A Publication
of Reliable Methods
for the Preparation
of Organic Compounds
Annual Volume
Org. Synth. 1981, 60, 88
DOI: 10.15227/orgsyn.060.0088
[1(2H)-Naphthalenone, 3,4-dihydro-2-methylene-]
Submitted by Jean-Louis Gras1
Checked by Kerry J. Gombatz and George Büchi.
1. Procedure
A 250-mL flask equipped with a reflux condenser is charged with 6.75 g (0.225 mol) of paraformaldehyde (Note 1) and 16.57 g (0.075 mol) of N-methylanilinium trifluoroacetate (Note 2). A solution of 7.30 g (0.05 mol) of α-tetralone (Note 3) in 50 mL of dry tetrahydrofuran (Note 4) is added at room temperature. The N-methylanilinium trifluoroacetate dissolves, and the magnetically stirred mixture is refluxed for 4 hr under a nitrogen atmosphere (Note 5). During this time a red color develops and the paraformaldehyde dissolves after 2 hr. After 4 hr the heating oil bath is removed and the red solution allowed to cool for 10 min. Diethyl ether (100 mL) is gradually added under efficient magnetic stirring, which induces the separation of a red gum. The ethereal solution is decanted from the red gum into a separatory funnel and washed with 50 mL of half-saturated sodium bicarbonate solution. The red gum is triturated with 50 mL of diethyl ether, and the resulting ethereal solution is then used to extract the washing water (Note 6). The combined organic layers are dried over magnesium sulfate. Filtration and concentration of the extract, first on a rotary evaporator then under high vacuum, afford 8.05–8.6 g of a heavy red oil (Note 7). Trituration of this oil with 70 mL of diethyl ether precipitates impurities and causes some polymerization. Filtration through Celite and concentration under high vacuum give 6.8–7.2 g (86–91%) of material that solidifies in a freezer (Note 8). Further purification by column chromatography over silica gel affords analytically pure material (mp 46–46.5°C) but lowers the yield to 70–82%.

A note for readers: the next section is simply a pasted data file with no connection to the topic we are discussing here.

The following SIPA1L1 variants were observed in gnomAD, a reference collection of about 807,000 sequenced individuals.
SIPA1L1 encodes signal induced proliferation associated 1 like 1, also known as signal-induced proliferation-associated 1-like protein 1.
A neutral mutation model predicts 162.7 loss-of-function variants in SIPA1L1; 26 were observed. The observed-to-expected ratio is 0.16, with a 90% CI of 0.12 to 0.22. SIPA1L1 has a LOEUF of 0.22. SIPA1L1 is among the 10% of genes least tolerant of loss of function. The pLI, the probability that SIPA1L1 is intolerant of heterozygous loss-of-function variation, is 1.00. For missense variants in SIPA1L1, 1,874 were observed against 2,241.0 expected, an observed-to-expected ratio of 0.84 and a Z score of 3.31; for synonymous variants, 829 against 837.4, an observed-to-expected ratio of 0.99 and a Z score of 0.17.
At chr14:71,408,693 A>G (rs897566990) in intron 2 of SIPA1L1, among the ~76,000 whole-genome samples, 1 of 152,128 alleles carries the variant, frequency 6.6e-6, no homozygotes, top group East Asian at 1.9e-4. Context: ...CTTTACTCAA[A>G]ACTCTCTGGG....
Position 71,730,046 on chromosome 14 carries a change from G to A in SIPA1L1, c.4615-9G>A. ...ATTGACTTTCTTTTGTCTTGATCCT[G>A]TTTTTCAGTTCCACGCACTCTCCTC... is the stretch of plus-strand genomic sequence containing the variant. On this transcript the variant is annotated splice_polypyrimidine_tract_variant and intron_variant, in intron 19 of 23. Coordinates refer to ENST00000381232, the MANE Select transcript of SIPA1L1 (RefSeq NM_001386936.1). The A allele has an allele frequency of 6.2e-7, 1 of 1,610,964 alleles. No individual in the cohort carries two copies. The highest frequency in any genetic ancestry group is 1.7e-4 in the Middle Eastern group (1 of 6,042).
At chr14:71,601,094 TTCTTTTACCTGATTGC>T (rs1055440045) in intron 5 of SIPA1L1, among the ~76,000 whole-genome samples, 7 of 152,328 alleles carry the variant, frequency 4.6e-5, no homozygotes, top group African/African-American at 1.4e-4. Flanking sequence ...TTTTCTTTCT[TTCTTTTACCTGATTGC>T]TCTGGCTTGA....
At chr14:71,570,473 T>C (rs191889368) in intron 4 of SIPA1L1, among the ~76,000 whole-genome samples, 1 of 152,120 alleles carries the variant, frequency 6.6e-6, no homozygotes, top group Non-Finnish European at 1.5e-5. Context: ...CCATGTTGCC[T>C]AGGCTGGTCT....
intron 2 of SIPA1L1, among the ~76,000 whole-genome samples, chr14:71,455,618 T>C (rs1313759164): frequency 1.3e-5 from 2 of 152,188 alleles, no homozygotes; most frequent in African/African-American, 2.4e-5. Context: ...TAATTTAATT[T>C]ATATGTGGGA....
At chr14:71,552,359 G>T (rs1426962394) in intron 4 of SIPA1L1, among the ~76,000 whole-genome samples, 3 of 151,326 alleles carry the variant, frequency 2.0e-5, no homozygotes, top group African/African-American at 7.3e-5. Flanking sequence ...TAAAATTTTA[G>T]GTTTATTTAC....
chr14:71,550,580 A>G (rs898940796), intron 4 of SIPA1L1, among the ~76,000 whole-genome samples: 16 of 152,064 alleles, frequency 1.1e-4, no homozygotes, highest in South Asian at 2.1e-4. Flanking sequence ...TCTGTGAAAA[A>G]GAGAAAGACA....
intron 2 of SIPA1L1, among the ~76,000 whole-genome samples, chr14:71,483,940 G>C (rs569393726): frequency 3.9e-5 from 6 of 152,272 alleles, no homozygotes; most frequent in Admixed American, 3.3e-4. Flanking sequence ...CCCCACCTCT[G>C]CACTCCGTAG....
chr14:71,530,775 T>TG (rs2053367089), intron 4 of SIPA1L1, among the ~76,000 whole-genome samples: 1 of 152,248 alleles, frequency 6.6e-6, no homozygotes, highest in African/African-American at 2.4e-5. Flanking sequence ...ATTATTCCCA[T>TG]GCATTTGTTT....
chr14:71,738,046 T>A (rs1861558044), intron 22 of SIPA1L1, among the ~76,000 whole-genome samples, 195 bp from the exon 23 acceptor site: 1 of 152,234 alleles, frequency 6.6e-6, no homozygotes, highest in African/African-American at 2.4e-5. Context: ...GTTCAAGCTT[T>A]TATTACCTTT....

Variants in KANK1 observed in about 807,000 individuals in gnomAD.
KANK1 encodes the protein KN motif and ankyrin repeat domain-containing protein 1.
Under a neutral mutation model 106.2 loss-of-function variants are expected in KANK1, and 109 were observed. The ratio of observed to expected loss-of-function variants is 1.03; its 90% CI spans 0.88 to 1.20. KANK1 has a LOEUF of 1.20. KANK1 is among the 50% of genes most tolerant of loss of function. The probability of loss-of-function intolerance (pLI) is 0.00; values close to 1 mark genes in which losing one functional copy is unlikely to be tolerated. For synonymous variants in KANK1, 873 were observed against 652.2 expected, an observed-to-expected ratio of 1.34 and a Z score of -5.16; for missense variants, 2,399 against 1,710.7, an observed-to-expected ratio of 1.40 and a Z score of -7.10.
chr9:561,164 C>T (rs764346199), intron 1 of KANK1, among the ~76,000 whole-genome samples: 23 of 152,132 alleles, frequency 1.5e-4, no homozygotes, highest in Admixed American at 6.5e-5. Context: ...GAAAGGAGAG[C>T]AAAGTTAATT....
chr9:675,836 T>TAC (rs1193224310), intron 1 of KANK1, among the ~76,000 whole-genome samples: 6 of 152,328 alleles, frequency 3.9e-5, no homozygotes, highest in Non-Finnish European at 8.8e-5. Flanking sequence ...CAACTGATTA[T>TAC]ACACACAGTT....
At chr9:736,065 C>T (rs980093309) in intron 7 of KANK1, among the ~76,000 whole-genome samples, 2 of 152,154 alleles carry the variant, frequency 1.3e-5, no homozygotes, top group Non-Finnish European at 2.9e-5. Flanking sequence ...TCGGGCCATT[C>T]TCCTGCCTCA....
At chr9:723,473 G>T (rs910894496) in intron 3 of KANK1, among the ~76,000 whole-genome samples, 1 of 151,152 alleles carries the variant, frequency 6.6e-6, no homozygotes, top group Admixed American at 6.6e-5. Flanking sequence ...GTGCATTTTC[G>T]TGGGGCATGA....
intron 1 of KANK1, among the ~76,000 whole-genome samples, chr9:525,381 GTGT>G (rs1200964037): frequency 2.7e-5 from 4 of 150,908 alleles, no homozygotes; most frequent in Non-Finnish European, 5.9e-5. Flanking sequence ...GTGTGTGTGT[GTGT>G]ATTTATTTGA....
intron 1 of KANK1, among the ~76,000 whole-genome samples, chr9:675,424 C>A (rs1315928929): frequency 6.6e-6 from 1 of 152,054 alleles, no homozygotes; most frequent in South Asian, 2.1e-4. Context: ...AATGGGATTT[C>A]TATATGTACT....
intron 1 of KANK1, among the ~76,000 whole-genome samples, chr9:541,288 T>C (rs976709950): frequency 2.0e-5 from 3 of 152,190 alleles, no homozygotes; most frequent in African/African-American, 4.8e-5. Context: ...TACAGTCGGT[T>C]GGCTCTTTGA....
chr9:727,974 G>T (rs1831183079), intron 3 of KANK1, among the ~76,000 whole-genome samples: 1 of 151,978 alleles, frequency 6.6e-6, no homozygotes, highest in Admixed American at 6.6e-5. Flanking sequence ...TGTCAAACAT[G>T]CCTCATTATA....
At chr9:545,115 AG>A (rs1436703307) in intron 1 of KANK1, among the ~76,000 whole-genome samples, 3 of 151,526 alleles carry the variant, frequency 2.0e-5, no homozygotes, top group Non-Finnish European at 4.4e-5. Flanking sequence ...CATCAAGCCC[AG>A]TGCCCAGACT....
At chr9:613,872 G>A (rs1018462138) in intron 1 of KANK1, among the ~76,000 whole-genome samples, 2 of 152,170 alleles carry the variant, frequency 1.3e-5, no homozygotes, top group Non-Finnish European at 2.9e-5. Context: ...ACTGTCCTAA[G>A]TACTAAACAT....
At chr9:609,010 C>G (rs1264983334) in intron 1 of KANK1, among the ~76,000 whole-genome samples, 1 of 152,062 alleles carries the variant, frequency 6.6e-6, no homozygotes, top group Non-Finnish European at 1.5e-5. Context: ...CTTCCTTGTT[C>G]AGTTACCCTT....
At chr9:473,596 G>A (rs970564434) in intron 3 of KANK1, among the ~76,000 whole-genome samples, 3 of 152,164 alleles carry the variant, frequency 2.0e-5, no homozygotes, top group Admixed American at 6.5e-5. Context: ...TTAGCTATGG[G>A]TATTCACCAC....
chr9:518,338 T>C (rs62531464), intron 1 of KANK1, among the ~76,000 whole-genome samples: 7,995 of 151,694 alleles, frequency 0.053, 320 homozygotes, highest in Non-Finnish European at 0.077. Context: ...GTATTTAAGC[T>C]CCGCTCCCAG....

2. Notes
1. Paraformaldehyde is sometimes sold commercially under the label "polyoxymethylene," and commercial polyoxymethylene (Prolabo—France) was used.
2. This crystalline white salt can be obtained by adding dropwise 1 mol of commercial trifluoroacetic acid (Fluka AG) to a stirred solution of 1 mol of commercial N-methylaniline (Fluka AG) in 1 L of dry diethyl ether in a nitrogen atmosphere with cooling in an ice bath. After addition the solution is stirred magnetically for 1 hr. The white precipitate that forms is filtered, washed with 100 mL of pentane, and dried overnight in a desiccator under high vacuum. The salt (195 g, 88%) thus obtained had mp 66.5°C.
3. Commercial α-tetralone, 95% pure, was purchased from Fluka AG and used without purification.
4. Tetrahydrofuran was distilled from the ketyl prepared from benzophenone and sodium, but the reaction does not suffer from moisture. Dioxane can also be used, but the iminium salt polymerizes rapidly at the reflux temperature of this solvent (101°C). To avoid polymerization the N-methylanilinium trifluoroacetate should be added in portions to the reaction mixture.
5. The reaction can be monitored by TLC. The α-methylene ketones exhibit higher Rf values than starting material when eluted in a diethyl ether-pentane (1 : 1) solvent system.
6. Workup and isolation should be completed in minimum time to avoid polymerization of the product. The heavy red gum thus obtained is soluble in methylene chloride and contains some β-methylene-α-tetralone.